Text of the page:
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Summary Chapter 28

The Dedlocks entertain the numerous cousins of Sir Leicester Dedlock who are in the main poor and indigent. When the 60-year old cousin Volumnia Dedlock, whose marks of distinction are her heavy applicattion of rouge and her obsolete pearl necklace, marks of distinction Sir Leicester regards with silent derision, compliments Lady Dedlock for having found such a youthful and pretty girl as Rosa to be her personal hand maid, Lady Dedlock gives the credit (of having found Rosa) to Mrs. Rouncewell, Chesney Wold's longtime housekeeper.

The mention of Mrs. Rouncewell prompts Sir Leicester Dedlock to mention Mrs. Rouncewell's son Mr. Rouncewell who is to appear very shortly to discuss a matter concerning Rosa before he departs to Northern England. Presently, Mr. Rouncewell appears, and he states his case concerning Rosa. One of Mr. Rouncewll's son is in love with Rosa, and, providing the feeling is mutual and they decide to marry, Mr. Rouncewell would have Rosa move out of Chesney Wold should Lady Dedlock have no objections at parting with Rosa. Alas, it is Sir Leicester Dedlock who objects, and he objects vehemently on the grounds that Mr. Rouncewell regards Chesney Wold a place unfit for any to the Rouncewells to stay on indefinitely. Indeed, if he had had his druthers, Mr. Rouncewell would remove his mother, the Dedlocks' most faithful servant, from Chesney Wold. As far as Sir Leicester is concerned, if Rosa wants to stay at Chesney Wold, Mr. Rouncewell has no right to force her to leave even if she decides to marry Mr. Rouncewell's son. Unperturbed, Mr. Rouncewell departs but not before declaring his intention to dissuade his son from marrying Rosa.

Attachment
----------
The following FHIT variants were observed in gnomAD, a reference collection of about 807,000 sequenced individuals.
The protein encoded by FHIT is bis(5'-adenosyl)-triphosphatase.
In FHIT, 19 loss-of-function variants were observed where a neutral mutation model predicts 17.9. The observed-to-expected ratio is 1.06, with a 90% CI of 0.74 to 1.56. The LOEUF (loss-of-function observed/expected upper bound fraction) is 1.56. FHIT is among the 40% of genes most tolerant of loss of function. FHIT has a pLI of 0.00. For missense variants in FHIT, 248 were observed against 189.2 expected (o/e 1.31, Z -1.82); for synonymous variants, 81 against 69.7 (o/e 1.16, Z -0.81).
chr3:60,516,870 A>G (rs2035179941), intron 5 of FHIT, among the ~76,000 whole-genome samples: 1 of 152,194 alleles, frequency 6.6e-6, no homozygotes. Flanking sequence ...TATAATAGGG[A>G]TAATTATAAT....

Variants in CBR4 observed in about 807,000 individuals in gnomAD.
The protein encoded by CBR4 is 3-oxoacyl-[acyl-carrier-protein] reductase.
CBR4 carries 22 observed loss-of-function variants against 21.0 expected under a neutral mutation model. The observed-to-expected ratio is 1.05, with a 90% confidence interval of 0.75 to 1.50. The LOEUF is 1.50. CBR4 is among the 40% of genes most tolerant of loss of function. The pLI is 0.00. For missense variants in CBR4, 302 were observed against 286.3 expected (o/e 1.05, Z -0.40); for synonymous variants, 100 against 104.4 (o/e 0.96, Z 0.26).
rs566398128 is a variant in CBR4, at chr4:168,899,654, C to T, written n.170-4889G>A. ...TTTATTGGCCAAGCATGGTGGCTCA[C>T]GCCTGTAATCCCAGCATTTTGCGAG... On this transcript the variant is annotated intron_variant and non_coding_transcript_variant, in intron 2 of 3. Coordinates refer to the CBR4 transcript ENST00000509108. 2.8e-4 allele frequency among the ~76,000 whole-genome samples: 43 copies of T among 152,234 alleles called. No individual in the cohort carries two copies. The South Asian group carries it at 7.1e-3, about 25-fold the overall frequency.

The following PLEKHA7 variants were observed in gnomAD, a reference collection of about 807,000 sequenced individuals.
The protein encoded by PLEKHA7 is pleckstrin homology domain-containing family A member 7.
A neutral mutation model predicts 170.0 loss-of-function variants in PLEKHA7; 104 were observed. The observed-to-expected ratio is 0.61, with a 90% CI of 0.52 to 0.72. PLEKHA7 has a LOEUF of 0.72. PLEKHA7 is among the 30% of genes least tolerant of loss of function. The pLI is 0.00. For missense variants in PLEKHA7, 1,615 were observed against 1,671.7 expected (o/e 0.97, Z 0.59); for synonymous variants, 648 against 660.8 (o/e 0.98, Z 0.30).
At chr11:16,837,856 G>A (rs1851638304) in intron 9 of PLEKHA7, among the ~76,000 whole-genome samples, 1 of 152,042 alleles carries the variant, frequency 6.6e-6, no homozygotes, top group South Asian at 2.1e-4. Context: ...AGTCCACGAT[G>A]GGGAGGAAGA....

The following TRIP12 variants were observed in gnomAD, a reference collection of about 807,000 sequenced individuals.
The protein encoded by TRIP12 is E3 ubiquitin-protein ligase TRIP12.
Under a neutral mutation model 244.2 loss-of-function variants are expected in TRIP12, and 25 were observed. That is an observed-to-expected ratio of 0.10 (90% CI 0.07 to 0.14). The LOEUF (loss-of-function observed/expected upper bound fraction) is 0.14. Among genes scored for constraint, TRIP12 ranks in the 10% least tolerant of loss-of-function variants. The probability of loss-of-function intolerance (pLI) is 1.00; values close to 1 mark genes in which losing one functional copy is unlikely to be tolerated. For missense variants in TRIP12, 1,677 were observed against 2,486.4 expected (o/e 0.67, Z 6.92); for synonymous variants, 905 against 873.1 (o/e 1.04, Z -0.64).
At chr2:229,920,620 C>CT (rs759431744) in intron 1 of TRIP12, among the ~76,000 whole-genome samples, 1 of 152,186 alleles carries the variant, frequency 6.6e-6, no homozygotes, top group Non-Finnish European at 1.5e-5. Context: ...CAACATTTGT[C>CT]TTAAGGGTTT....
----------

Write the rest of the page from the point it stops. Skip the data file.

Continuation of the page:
Presently, Lady Dedlock retires to her boudoir. There she engages Rosa, asking her whether she is in love with Mrs. Rouncewell's grandson and whether she would prefer to move out of Chesney Wold. Rosa assures Lady Dedlock that she prefers to stay, and though she is very fond of Mrs. Rouncewell's grandson, she can't say for sure if she is in love. When Lady Dedlock assures Rosa that she will accommodate Rosa in any way to secure her happiness, Rosa weeps in gratitude.

The next day, Sir Leicester Dedlock's cousins disperse to their respective homes.

Charles Dickens